The Fast of Gedaliah is a day set aside to commemorate the assassination of Gedaliah, the Babylonian-appointed official charged with administering the Jewish population remaining in Judah following the destruction of the Temple and exile in 586 B.C.E. It is observed on the third of Tishrei (the day after Rosh Hashanah) with a fast from sunrise to sundown, and like on other fast days, the recital of special prayers (“Anenu”) and the reading of selected biblical readings (Exodus 32:14; 34:1-10). In years when Rosh Hashanah begins on Thursday, the fast is postponed until Sunday, as fasts other than Yom Kippur are not permitted on Shabbat.
The earliest commemoration of Gedaliah’s death might be said to have occurred immediately after his assassination, with the pilgrimage of those who had come to mourn him only to be stricken down by Ishmael.
We next hear of this as a day of mourning connected with three other fast days in the Book of Zechariah. In an oracle dating to the end of the sixth century B.C.E. in Zechariah 7-8, we find a group coming to the prophet to ask whether it is still necessary to solemnly commemorate the destruction of the Temple now that the people have been permitted to return to their homeland and rebuild the Temple. In an extended response that never directly answers the question, but does assure them that God has plans for their future prosperity, Zechariah informs them that these four holidays will one day be celebrated with joy and gladness. Perhaps Zechariah’s response was intended to mean that these solemn commemorations were still necessary, but would not be so forever.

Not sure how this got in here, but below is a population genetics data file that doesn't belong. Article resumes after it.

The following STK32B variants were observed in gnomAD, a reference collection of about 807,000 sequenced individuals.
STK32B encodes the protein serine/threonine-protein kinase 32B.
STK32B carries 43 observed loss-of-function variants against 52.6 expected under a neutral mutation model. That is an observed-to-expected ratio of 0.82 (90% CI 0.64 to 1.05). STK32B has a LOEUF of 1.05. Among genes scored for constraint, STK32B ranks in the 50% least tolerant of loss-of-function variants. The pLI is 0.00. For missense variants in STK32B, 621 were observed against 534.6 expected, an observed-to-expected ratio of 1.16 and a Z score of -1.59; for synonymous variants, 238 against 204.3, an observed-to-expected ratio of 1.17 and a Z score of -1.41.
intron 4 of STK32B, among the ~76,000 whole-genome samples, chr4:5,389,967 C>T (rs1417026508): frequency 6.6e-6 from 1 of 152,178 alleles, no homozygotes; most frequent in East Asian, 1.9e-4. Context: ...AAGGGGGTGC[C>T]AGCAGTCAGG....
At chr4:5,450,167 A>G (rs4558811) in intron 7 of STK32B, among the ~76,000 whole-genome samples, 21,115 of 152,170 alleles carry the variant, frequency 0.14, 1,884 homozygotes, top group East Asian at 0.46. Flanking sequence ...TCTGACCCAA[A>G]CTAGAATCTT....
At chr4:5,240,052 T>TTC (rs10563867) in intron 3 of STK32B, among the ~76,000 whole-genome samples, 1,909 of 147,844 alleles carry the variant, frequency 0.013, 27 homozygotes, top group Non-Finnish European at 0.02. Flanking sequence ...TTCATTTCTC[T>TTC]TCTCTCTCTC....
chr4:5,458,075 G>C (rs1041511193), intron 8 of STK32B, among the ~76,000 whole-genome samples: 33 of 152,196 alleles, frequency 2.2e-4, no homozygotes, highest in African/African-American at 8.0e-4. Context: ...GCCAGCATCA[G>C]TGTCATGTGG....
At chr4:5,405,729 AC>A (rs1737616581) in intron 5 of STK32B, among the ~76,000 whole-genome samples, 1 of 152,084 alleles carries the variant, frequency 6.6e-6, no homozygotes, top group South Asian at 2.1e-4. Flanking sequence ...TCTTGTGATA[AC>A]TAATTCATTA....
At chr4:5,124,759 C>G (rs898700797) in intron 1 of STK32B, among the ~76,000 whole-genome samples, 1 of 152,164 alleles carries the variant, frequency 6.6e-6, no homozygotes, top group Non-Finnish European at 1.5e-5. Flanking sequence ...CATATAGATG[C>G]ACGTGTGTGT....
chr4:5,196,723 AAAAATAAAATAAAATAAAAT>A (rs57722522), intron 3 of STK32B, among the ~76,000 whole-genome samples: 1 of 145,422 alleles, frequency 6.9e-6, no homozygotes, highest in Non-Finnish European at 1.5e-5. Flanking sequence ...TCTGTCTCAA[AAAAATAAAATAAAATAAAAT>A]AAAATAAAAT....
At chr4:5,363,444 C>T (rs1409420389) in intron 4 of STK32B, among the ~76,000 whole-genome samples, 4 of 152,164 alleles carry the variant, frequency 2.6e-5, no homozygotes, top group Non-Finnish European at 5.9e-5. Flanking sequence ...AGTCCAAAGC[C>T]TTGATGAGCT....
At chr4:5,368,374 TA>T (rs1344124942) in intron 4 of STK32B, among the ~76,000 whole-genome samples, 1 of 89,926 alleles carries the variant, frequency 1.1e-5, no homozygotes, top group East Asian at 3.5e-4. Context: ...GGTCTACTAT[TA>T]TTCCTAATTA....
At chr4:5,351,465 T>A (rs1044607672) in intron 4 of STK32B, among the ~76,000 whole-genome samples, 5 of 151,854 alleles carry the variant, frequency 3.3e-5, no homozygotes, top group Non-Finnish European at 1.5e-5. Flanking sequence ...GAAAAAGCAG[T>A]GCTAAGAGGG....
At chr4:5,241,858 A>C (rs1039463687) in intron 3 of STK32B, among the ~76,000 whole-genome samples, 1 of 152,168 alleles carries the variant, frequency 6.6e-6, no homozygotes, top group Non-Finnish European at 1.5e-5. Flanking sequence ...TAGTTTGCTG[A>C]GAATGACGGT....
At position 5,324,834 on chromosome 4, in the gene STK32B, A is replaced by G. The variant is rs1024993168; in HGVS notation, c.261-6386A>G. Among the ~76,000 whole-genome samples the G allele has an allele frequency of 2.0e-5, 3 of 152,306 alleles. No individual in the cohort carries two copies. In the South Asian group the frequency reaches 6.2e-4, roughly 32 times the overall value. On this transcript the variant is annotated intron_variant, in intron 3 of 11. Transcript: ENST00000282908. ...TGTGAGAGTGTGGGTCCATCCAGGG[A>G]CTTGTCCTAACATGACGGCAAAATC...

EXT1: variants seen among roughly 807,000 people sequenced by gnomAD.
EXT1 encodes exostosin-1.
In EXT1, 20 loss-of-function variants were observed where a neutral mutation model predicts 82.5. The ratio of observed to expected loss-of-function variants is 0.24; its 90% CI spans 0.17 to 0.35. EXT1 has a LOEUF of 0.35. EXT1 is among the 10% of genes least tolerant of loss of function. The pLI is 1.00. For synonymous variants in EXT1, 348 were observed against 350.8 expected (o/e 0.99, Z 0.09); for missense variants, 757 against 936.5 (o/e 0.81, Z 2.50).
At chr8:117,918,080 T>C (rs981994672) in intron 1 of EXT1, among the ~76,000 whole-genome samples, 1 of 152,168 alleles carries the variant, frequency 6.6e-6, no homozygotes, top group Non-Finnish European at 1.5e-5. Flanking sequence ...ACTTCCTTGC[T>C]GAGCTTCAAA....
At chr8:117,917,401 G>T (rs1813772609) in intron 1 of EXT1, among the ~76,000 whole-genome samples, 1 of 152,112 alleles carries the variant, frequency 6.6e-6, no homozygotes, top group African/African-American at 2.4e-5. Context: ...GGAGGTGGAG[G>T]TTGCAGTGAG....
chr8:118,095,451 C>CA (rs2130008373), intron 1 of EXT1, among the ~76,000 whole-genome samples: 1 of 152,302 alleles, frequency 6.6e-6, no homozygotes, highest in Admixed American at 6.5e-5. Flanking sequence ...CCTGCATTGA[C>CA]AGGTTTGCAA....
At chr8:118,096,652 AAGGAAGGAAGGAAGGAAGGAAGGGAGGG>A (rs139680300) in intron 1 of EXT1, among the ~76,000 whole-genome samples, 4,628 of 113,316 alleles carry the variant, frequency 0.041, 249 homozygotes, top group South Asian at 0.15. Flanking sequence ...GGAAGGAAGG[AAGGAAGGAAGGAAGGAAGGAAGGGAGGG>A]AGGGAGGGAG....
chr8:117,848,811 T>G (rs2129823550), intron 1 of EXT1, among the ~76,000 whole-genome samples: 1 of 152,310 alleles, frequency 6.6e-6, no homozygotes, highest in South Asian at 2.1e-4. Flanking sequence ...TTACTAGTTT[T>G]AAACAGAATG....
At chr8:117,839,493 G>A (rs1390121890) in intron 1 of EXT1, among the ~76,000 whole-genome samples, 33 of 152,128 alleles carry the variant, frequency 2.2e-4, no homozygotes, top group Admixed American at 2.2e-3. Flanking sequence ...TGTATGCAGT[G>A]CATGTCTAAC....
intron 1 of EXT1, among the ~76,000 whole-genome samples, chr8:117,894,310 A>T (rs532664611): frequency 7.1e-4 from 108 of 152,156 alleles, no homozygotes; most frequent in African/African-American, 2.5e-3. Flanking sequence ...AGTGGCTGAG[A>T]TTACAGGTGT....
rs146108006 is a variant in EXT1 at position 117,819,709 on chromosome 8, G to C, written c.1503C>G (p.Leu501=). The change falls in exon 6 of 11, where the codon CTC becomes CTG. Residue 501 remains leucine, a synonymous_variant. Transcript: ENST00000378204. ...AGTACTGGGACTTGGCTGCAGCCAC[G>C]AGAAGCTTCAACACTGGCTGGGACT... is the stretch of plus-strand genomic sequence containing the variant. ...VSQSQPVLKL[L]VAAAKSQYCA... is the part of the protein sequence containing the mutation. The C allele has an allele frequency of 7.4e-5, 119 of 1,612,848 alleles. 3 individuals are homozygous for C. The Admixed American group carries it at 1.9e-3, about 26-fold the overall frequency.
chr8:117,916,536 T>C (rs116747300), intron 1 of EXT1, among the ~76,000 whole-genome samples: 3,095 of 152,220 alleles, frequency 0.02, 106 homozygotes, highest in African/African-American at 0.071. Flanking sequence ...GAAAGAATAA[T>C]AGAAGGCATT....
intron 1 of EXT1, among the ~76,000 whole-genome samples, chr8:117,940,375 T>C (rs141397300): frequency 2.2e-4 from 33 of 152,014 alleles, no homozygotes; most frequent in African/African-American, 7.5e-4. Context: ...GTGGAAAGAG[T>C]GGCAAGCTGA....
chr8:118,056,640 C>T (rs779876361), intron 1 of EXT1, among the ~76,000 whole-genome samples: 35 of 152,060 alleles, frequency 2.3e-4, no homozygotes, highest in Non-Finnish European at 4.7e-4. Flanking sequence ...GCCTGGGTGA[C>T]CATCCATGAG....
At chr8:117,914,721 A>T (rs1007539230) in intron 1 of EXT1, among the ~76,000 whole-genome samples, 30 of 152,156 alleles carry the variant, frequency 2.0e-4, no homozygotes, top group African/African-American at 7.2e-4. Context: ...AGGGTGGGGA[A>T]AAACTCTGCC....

It should also be noted that Zechariah makes reference to four fast days associated with the demise of Judah (Zechariah 8:19), but he is only asked about one fast, the one commemorating the destruction of the Temple (Zechariah 7:3). In his response, Zechariah refers to all four fast days. This may suggest that not all Jews observed the other three fast days.
The next reference to the Fast of Gedaliah comes in the Babylonian Talmud. In tractate Rosh Hashanah 18b, the rabbis assign the third day of Tishrei as the date the Fast of Gedaliah is to be observed; the biblical text (Zechariah 7:5; 8:19) simply refers to the month of its observance but not the date. The rabbis add that the fact that a fast day is designated to commemorate Gedaliah’s death suggests that the death of a righteous man was just as tragic as the burning of the Temple.
Pronounced: roshe hah-SHAH-nah, also roshe ha-shah-NAH, Origin: Hebrew, the Jewish new year.
Pronounced: TISH-ray, Origin: Hebrew, Jewish month, usually coinciding with September-October.
Pronounced: yohm KIPP-er, also yohm kee-PORE, Origin: Hebrew, The Day of Atonement, the holiest day on the Jewish calendar and, with Rosh Hashanah, one of the High Holidays.